- Spread a layer of organic amendment about 3 inches thick over the bottom of the hole.
- Dig down into the soil another 1.5 feet and turn that over, mixing in the organic amendment.
- Shovel the first foot of soil back into the bed and spread another 3-inch layer of amendments over that.
- Optional: Add bone meal, which promotes root growth. You can also use fertilizers designed specifically for roses.
- Till the bed with a rototiller to mix the layers together.
- Now you can dig the hole in which your rose bush will sit. Make it approximately 2 feet x 2 feet x 2 feet. What about that extra foot in depth that you've already prepared for? That's for drainage. For further planting instructions, see below.
You can buy the more expensive container-grown rose bushes and plant them in the ground, but why would you want to? Bare root planting is safe for the plants and economical for you. The most difficult chore in the planting may well be the initial pruning that you have to do. The height of the canes should be reduced to 6 to 8 inches. It will probably seem a shame to be hacking down the canes this way before the rose bush has even had a chance to grow. But it's a necessary step: The root system is too meager at this point to support much growth above ground. Trim off damaged roots, too, since they'll only invite disease. Let's restrict ourselves here merely to emphasizing the importance of one trick of the trade, the reason behind which may not be immediately obvious.
Novices to rose bush growing are informed to follow-bed preparation with digging a hole and mounding up a cone of soil within that hole. You may wonder what purpose such a cone serves. Draping the young roots over this cone is meant to give them some direction in life. Being young and foolish, if not shown the proper direction to take, they may wander aimlessly. Roots need to be encouraged to grow down, deep. The cone guides them down just this path. Shallow root growth is to be discouraged because such roots are exposed to summer heat and winter cold— neither of which is good for them. By encouraging deep root penetration right at the outset, you're taking a major step towards successful rose bush growing.
Varieties of Rose Bushes
If you're still hesitant, Candy Oh! Vivid Red is an example of a type of Rosa that is particularly easy to grow.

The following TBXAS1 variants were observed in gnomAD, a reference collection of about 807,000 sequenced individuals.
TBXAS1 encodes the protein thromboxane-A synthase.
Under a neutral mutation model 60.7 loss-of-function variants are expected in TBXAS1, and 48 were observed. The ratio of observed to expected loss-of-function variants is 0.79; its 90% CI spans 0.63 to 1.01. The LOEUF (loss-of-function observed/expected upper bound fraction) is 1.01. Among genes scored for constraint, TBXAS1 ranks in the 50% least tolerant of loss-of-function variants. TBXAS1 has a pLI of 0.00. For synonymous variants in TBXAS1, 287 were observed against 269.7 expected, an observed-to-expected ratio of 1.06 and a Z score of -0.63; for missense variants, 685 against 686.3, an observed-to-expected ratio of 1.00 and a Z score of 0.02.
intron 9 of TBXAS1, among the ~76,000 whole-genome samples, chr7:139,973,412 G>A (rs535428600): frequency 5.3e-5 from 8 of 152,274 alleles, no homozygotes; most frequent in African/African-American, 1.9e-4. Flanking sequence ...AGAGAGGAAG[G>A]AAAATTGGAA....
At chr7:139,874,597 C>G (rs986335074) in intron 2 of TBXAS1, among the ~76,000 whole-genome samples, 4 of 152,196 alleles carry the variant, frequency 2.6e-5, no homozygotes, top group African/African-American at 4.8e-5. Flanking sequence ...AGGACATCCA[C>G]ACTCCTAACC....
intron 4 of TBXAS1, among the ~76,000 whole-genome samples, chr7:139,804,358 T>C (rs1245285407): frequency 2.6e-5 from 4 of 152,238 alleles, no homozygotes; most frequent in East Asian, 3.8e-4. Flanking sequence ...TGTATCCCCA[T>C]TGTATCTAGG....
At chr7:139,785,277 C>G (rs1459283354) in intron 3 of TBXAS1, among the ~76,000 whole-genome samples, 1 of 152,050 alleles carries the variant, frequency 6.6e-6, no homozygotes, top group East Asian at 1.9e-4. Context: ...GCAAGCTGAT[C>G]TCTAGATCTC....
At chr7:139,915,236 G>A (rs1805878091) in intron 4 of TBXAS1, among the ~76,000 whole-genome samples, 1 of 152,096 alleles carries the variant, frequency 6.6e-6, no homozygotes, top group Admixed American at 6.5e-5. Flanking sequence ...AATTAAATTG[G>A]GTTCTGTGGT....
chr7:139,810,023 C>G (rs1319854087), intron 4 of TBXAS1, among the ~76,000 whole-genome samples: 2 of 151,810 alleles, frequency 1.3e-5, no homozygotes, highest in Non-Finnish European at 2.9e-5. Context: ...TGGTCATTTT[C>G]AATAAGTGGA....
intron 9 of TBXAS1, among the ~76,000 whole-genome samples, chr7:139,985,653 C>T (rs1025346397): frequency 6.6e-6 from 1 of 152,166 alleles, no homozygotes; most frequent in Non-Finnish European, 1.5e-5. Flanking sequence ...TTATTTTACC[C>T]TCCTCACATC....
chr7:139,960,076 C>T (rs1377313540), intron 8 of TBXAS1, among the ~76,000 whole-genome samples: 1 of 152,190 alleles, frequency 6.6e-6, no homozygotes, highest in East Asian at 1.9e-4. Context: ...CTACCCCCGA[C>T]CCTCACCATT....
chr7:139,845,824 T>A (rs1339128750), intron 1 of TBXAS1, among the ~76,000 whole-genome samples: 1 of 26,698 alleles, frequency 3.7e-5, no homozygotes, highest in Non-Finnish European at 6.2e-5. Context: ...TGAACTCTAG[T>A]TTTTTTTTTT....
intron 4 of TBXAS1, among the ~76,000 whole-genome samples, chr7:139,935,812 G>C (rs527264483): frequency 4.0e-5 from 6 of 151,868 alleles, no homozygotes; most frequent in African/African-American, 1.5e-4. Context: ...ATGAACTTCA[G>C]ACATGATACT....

- Hybrid tea rose bushes are the most popular because they put out a big rose on a straight stem.
- Polyanthas produce dense clusters of small flowers on a dwarf rose bush.
- Floribunda rose bushes are a cross between the hybrid teas and the polyanthas.
- Grandifloras produce large rose clusters on long stems.
Other options for rosebush growers include miniatures, climbers, tree roses and old-time varieties. Do not be fooled by so-called "black roses"; that designation evokes intriguing images, but the flowers are really only a deep red.
Pruning rose bushes is one of the trickier operations for gardeners new to this aspect of horticulture. Here is some excellent information on the subject of pruning. The proper type of pruners to use is a set of bypass pruners, not anvil pruners (the latter can crush the plant's stem).
One aspect of the task that is somewhat debated is whether or not to promote outward-facing shoots when pruning rose bushes. That is, pruning tends to generate a lateral cane at the node below your cut. You can influence the shape of the shrub by making your cut either just above an outward-facing leaf bud or an inward-facing leaf bud. An argument in favor of selecting an outward-facing bud is that you promote growth away from the shrub's center, which facilitates airflow and decreases the chance that you'll experience problems with mildew. But an expert at the American Rose Society disputes that this method needs to be taken as a universal principle.
The idea behind deadheading roses is the same as it is for any other plant. Removing spent blooms from rose bushes is a way of channeling plant energy into areas where it is needed more.